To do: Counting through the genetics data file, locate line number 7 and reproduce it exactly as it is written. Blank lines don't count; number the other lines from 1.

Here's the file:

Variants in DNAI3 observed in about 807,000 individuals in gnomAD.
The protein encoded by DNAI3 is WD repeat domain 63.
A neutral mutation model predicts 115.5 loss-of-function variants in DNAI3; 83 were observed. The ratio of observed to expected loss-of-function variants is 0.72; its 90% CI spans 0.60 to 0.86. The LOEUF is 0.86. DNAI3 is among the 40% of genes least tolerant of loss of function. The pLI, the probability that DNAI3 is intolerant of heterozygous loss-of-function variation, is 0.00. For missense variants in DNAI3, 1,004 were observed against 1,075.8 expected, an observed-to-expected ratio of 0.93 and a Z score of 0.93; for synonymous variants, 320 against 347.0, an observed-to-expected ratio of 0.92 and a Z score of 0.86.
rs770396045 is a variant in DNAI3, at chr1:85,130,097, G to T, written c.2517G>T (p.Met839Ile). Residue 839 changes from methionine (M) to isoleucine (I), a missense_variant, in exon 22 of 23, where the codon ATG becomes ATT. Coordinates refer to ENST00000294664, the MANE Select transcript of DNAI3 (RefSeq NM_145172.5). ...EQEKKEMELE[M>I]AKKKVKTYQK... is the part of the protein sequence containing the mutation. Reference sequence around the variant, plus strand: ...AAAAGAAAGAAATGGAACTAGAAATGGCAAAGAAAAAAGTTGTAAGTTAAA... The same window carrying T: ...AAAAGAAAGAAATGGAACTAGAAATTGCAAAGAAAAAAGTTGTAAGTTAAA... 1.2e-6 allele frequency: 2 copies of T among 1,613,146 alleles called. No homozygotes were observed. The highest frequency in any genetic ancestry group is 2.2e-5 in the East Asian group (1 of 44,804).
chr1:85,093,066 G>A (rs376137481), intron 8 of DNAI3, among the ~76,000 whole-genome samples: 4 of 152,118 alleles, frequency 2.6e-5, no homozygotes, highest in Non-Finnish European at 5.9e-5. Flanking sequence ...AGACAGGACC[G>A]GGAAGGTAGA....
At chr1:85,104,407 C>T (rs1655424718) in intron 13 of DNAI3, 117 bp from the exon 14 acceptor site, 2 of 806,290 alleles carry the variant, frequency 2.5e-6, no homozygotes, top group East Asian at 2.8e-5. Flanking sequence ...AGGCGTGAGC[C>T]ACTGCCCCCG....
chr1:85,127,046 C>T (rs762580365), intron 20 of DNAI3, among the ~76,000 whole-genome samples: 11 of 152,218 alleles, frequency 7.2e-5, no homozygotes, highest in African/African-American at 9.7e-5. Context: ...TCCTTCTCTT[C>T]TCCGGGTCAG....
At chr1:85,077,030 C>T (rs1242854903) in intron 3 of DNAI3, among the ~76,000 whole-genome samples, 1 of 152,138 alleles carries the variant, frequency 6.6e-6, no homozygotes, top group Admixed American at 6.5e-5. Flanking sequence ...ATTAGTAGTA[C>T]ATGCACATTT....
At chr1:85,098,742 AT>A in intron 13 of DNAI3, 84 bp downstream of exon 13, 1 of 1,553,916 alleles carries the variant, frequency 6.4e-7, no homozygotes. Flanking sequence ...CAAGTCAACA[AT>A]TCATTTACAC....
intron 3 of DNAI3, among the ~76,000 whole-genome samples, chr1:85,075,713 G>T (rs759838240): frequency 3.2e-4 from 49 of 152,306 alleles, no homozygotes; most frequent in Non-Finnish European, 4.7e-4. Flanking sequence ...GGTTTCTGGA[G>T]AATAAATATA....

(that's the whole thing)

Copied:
chr1:85,127,046 C>T (rs762580365), intron 20 of DNAI3, among the ~76,000 whole-genome samples: 11 of 152,218 alleles, frequency 7.2e-5, no homozygotes, highest in African/African-American at 9.7e-5. Context: ...TCCTTCTCTT[C>T]TCCGGGTCAG....